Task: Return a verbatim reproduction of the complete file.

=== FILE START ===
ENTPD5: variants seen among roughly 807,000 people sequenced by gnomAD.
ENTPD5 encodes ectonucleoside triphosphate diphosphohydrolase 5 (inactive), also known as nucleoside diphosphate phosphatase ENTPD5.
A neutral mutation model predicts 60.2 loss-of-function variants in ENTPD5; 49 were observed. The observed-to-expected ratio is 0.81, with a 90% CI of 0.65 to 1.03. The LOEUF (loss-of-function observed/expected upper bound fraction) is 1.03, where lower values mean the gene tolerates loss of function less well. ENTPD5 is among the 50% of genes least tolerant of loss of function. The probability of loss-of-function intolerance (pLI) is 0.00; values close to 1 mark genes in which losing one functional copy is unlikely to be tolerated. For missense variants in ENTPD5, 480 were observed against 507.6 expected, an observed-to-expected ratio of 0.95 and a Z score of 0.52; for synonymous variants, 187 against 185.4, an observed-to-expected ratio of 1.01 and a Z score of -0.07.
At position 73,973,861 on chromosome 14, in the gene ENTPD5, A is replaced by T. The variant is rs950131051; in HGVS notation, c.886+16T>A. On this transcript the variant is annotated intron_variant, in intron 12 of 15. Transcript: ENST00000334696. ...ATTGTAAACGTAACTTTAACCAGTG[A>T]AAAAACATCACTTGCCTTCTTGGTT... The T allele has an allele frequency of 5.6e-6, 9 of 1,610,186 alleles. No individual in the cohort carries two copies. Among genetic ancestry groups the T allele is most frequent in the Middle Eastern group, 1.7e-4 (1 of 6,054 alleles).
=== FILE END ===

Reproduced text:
ENTPD5: variants seen among roughly 807,000 people sequenced by gnomAD.
ENTPD5 encodes ectonucleoside triphosphate diphosphohydrolase 5 (inactive), also known as nucleoside diphosphate phosphatase ENTPD5.
A neutral mutation model predicts 60.2 loss-of-function variants in ENTPD5; 49 were observed. The observed-to-expected ratio is 0.81, with a 90% CI of 0.65 to 1.03. The LOEUF (loss-of-function observed/expected upper bound fraction) is 1.03, where lower values mean the gene tolerates loss of function less well. ENTPD5 is among the 50% of genes least tolerant of loss of function. The probability of loss-of-function intolerance (pLI) is 0.00; values close to 1 mark genes in which losing one functional copy is unlikely to be tolerated. For missense variants in ENTPD5, 480 were observed against 507.6 expected, an observed-to-expected ratio of 0.95 and a Z score of 0.52; for synonymous variants, 187 against 185.4, an observed-to-expected ratio of 1.01 and a Z score of -0.07.
At position 73,973,861 on chromosome 14, in the gene ENTPD5, A is replaced by T. The variant is rs950131051; in HGVS notation, c.886+16T>A. On this transcript the variant is annotated intron_variant, in intron 12 of 15. Transcript: ENST00000334696. ...ATTGTAAACGTAACTTTAACCAGTG[A>T]AAAAACATCACTTGCCTTCTTGGTT... The T allele has an allele frequency of 5.6e-6, 9 of 1,610,186 alleles. No individual in the cohort carries two copies. Among genetic ancestry groups the T allele is most frequent in the Middle Eastern group, 1.7e-4 (1 of 6,054 alleles).